As was mentioned, the apparent problem of the younger Yosef was that he honestly felt entitled. He was a righteous, G-d fearing man, who actually committed no apparent crimes. But, did he assert his entitlement? Certainly. But the question is: Was he entitled?
Meanwhile, if one looks throughout Yosef’s time in Egypt—before he was named viceroy—the Torah tells us numerous times that “Hashem was with Yosef” and that Hashem made Yosef “successful.” Now, the younger Yosef might have argued that G-d should have been there for him, because after all, Yosef did nothing wrong.
The problem is that the Torah specifies that Yosef is bestowed with “Chein,” “favor” or “grace,” the first time, when he’s in Potifar’s home [39:4], and the second time, when he is in prison [39:21]. What is “Chein”? So, the first time this word appears in the Torah is in reference to Noach who found “Chein” in G-d’s eyes [6:8]. Now, what did Noach do to deserve this “Chein”? Chazzal teach us that “Chein,” or graciousness, refers to an undeserved favor, and in fact, Noach did nothing to deserve the “Chein” he got—because, by definition, “Chein” is undeserved [Bereishis Rabbah 29:1, Sanhedrin 28:1]. Now, we shouldn’t be mistaken, Noach was an innocent, relatively righteous man, certainly not a sinner like the rest of his generation. But, he did not actively do anything to be entitled to Divine grace.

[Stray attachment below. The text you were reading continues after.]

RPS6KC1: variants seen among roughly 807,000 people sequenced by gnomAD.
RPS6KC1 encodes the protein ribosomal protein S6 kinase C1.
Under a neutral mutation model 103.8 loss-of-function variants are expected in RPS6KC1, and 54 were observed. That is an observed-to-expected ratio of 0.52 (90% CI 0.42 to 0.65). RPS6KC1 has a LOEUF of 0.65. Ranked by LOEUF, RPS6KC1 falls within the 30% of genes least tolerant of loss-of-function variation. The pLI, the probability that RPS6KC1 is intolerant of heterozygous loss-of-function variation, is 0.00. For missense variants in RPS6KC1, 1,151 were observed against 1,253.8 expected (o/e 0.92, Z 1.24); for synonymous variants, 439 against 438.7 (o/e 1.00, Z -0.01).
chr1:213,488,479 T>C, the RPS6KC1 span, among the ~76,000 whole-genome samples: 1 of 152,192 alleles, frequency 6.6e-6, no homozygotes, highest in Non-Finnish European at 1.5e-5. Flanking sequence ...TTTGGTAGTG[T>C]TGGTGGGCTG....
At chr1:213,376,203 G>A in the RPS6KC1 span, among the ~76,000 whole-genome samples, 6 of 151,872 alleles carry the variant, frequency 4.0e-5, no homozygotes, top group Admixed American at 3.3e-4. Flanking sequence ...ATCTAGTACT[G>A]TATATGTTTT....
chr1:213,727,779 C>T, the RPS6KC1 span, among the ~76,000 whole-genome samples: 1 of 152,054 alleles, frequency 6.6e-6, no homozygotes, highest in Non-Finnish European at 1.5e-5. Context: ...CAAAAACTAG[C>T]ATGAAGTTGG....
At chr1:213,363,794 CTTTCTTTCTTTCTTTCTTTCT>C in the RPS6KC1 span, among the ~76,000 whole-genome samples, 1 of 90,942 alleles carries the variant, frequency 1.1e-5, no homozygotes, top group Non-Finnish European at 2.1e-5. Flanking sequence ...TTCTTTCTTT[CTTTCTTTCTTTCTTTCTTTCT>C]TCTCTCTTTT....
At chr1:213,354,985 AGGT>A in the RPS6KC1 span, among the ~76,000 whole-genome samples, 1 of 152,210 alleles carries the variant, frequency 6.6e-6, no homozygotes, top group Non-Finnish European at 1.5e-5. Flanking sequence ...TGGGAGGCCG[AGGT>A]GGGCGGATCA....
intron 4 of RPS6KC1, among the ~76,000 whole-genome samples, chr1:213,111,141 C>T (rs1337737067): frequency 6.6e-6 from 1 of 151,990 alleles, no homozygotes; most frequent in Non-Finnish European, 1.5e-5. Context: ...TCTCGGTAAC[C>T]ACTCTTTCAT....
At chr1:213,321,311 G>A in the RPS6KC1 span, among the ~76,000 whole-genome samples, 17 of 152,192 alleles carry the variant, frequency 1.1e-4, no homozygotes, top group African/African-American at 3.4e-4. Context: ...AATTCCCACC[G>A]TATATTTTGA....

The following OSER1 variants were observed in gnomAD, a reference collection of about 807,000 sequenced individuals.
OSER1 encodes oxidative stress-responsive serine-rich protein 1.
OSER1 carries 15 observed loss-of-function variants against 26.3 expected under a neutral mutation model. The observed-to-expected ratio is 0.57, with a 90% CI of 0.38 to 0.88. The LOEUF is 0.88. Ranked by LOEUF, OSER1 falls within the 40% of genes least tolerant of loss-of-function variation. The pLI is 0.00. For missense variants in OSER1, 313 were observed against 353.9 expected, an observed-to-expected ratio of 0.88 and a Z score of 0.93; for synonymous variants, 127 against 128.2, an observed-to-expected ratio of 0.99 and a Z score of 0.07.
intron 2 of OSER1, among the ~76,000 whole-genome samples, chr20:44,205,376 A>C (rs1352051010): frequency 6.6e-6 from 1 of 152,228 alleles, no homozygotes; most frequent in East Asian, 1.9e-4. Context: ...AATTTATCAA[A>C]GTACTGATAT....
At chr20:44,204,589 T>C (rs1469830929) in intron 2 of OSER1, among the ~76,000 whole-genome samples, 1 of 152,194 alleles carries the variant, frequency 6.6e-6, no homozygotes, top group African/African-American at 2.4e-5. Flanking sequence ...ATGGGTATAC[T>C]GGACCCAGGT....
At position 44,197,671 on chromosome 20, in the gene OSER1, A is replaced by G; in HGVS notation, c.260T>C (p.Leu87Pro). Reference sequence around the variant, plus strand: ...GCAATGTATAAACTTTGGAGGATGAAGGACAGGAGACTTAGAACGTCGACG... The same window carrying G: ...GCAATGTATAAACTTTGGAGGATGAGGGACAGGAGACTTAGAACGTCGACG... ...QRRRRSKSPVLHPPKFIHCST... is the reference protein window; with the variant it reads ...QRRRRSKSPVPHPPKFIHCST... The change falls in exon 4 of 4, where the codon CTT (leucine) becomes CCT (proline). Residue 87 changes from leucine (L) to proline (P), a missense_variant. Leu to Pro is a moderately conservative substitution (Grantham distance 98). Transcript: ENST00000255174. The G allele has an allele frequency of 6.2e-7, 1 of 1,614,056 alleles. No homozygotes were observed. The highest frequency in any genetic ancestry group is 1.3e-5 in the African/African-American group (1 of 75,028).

Yosef too, was no sinner. He proved that by overcoming his desires for his master’s wife. But, was Yosef perfect? As far as Chazzal are concerned, Noach most definitely had some critical character flaws, and apparently, so did Yosef. Yosef was great, but not flawless. And if Yosef was as truly entitled as he claimed himself to be, he would not require “Chein” to bring him to the top in every situation. Accordingly, it was not just the way he carried himself, but the way he thought of himself fundamentally that set the Divine judgment against him. And certainly, Yosef knew well that ultimately, G-d was arranging a Divine plan, but even Yosef had complaints against his lot—because indeed, despite the faith he had in G-d, which undoubtedly he did, he still challenged Divine justice and continued to lobby for what he felt were his entitlements.